Why branding was central to the success of the 1964 Tokyo Olympic Games
Branding was fundamental to the success of the 1964 Tokyo Olympic Games. It involved a bold vision and a clear visual direction communicated through logotype, typography, artwork and pictograms, and extending to radical architecture and urban planning. This was a seminal moment for Japan. In the aftermath of World War II, the Games presented itself as the perfect stage for the nation to re-emerge on the international scene as open, creative and progressive.
A new exhibition at Japan House London explores the phenomenal cultural impact the Tokyo Olympic had and still has on the country. Through original objects, advertising posters and artwork, architectural models, photographs and films, Tokyo 1964: Designing Tomorrow tells the compelling story of a nation embracing change.
Preparations began as soon as Tokyo won the competition to stage the event in 1959. A committee involving some of the country’s most radical architects, designers and filmmakers was set up and a ‘World Design Conference’ was organised to include voices from outside of Japan. A government initiative, it was attended by many of the leading global figures in architecture and design including Louis Kahn, Jean Prouvé, Paul Rudolph, Jösef Müller-Brockmann, Paul Rand, Max Huber, Otl Aicher and Saul Bass.
It was at this historical conference where the Metabolism manifesto was conceived. This avant-garde architectural movement promoted the idea of flexible cities as a reflection of progress, arguing for cities and buildings to be dynamic and ever-evolving entities. Metabolism proposed the need for fluidity to be built into the urban structure – interestingly a concept that happens to be at the forefront of debate today as we emerge from the current health crisis. The architecture of the 1964 Games was one of the first manifestations of this ideology.
Crucial to preparation work for the event was re-imagining a new urban landscape for Tokyo with elevated super-highways to embrace the motor car as a symbol of progress. Even the radical stadium complex was clearly car friendly. The Olympic Memorial Tower and Yoyogi National Stadium, by illustrious Japanese architects Ashihara Nobuyoshi and Tange Kenzō respectively, were hugely cutting-edge and complex in construction. The stacked brutalist silhouette of the Tower and dramatic suspended roof of Yoyogi placed Japan at the forefront of debates surrounding modernism for decades to come. Meanwhile, the high-speed Tōkaidō Shinkansen was launched to connect distant regions to the capital as well as showcase Japanese advancements. It was all so advanced and exciting for the world to observe.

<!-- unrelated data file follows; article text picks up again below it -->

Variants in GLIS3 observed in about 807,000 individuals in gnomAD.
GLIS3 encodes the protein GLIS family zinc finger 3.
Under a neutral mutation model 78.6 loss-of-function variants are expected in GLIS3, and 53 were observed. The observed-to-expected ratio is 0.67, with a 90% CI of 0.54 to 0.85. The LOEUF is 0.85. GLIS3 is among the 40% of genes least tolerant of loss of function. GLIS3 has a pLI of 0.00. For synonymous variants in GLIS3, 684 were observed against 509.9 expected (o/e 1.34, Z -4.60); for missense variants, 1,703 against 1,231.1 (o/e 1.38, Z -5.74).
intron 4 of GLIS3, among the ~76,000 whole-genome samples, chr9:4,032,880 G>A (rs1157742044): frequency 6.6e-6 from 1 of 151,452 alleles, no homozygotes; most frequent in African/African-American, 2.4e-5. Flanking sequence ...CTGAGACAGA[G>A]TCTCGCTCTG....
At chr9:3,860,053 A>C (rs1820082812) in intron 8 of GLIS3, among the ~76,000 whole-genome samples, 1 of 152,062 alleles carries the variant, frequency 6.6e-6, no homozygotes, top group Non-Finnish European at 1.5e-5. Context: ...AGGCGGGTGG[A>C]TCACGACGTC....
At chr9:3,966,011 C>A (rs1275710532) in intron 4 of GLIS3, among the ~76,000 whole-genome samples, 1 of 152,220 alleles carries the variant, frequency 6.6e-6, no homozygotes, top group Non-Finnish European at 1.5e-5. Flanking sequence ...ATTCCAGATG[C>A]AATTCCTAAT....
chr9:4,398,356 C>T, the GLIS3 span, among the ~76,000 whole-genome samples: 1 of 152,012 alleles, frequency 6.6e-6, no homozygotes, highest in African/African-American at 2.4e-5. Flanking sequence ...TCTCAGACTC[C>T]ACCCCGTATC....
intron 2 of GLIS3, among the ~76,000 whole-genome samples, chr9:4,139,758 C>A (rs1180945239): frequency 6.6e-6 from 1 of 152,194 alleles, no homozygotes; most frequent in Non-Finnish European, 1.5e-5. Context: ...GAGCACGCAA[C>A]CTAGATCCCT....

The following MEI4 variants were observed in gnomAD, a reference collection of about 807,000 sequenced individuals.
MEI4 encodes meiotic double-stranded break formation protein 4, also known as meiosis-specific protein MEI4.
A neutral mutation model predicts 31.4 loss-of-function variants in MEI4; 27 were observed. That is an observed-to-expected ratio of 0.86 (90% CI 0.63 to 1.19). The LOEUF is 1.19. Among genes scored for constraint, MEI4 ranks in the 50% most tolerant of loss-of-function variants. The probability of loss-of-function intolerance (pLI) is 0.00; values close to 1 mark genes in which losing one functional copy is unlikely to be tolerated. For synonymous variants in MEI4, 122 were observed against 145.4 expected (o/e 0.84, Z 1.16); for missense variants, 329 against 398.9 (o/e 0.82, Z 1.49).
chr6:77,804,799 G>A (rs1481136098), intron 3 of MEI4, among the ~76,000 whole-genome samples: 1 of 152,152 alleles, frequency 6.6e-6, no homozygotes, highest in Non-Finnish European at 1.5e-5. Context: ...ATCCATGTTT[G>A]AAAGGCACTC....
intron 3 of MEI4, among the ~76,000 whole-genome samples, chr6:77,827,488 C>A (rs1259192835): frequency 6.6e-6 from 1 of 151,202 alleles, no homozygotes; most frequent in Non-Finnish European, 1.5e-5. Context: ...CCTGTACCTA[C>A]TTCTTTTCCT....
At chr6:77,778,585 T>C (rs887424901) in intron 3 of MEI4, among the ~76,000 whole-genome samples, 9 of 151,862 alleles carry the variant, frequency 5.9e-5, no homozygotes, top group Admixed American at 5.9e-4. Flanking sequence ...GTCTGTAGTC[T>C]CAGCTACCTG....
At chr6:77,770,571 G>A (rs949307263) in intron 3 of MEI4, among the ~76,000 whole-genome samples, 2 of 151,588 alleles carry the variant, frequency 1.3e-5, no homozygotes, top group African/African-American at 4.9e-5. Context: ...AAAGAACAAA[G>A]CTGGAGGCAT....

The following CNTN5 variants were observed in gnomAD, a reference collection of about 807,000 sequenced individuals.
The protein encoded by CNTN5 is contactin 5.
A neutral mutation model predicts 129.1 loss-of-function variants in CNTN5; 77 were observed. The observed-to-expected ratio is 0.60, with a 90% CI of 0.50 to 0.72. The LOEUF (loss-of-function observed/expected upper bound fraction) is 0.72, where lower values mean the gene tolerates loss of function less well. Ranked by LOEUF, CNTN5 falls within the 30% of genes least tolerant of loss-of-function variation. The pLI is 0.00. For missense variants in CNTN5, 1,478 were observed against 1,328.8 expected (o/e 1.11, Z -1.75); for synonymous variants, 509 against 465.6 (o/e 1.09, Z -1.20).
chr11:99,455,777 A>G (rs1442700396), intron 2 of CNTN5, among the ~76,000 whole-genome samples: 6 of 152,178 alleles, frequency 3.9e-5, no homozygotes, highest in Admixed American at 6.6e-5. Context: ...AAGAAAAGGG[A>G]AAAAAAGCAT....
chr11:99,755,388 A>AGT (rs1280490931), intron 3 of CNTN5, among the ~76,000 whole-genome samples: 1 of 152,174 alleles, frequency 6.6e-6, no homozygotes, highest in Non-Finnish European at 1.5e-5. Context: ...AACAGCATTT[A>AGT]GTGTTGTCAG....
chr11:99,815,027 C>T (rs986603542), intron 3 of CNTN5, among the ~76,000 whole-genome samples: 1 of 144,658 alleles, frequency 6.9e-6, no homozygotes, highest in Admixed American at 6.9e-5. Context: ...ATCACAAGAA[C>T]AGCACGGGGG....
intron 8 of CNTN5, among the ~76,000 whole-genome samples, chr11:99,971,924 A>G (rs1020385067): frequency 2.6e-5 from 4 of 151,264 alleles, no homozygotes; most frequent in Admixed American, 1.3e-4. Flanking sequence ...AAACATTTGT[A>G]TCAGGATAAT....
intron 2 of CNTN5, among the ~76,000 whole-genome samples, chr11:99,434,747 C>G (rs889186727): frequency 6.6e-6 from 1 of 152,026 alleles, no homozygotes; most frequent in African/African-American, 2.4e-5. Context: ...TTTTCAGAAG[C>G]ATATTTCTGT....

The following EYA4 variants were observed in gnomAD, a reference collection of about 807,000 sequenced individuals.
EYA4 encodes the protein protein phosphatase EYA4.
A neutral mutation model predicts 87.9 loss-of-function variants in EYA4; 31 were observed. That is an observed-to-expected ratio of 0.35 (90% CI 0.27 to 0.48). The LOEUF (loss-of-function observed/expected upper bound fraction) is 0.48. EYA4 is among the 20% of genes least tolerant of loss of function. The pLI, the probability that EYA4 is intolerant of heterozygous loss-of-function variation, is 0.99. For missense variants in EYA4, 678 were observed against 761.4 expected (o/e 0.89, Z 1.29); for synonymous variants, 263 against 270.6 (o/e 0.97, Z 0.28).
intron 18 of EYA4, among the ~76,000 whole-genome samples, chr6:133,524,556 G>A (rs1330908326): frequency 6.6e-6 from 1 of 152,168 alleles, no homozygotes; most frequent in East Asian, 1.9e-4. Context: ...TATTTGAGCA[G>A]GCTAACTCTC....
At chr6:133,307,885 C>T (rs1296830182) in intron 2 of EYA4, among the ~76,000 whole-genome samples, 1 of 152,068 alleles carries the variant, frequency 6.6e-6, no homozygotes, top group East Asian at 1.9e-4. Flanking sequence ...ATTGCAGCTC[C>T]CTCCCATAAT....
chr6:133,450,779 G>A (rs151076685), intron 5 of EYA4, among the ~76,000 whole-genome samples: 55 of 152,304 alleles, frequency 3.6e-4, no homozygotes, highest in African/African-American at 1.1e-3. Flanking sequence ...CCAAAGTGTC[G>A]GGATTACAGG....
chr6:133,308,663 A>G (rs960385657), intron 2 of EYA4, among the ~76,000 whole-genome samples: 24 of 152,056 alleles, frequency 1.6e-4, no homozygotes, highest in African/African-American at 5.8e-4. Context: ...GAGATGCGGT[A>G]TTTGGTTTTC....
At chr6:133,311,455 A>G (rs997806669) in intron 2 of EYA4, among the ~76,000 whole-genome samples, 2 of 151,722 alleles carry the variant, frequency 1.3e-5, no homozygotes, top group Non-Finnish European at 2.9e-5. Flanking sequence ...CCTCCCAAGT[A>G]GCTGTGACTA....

The optimistic mood leading up to the Games encouraged the creatives involved to be inventive and original. For instance, the celebrated graphic designer, Kamekura Yūsaku, worked with photographic images for his promotional posters – a first at an Olympic event. Elsewhere, since the use of a consistent typeface was essential to a coherent identity system, the graphics team at Tokyo worked with Helvetica for its clean, modern style. And as few attending the Games would have ever been to Japan, to combat the language barrier, they created simple silhouette style pictograms for the various sports and facilities, as well as city guidebooks in the English language.
The Tokyo Games pioneered many ideas that became the norm at subsequent Olympics. Precision timepiece maker Seiko became the official timer of the Games, a position previously reserved for established Swiss watchmakers. The 1964 Olympics were also the first to be televised worldwide live via Syncon 3, the world’s first geostationary satellite. These feats helped secure the international reputation of Japanese manufacturing for the future.
The 1964 Tokyo Olympic Games succeeded in signifying a new dawn for Japan. Thanks to the strength of its branding, the message came across loud and clear: this is a nation with a distinct creative expression and technological know-how. The inventive collage technique employed by the filmmaker Ichikawa Kon in his documentary of the event Tokyo Olympiad (see above), which won the BAFTA film awards, perfectly captures the spirit of 1964. ‘The opportunity to host the Games allowed Japan’s innovative architects, designers and engineers to blossom on the international stage,’ says Simon Wright, director of programming at Japan House London. ‘The Games provided a focal point for the whole nation to look towards regeneration and creating a new international face.’
“Tokyo 1964: Designing Tomorrow” will be at Japan House London from 5 August to 7 November 2021.
Images, original objects including promotional artwork by Kamekura Yūsaku from ‘Tokyo 1964: Designing Tomorrow’ © Courtesy of Prince Chichibu Memorial Sports Museum.
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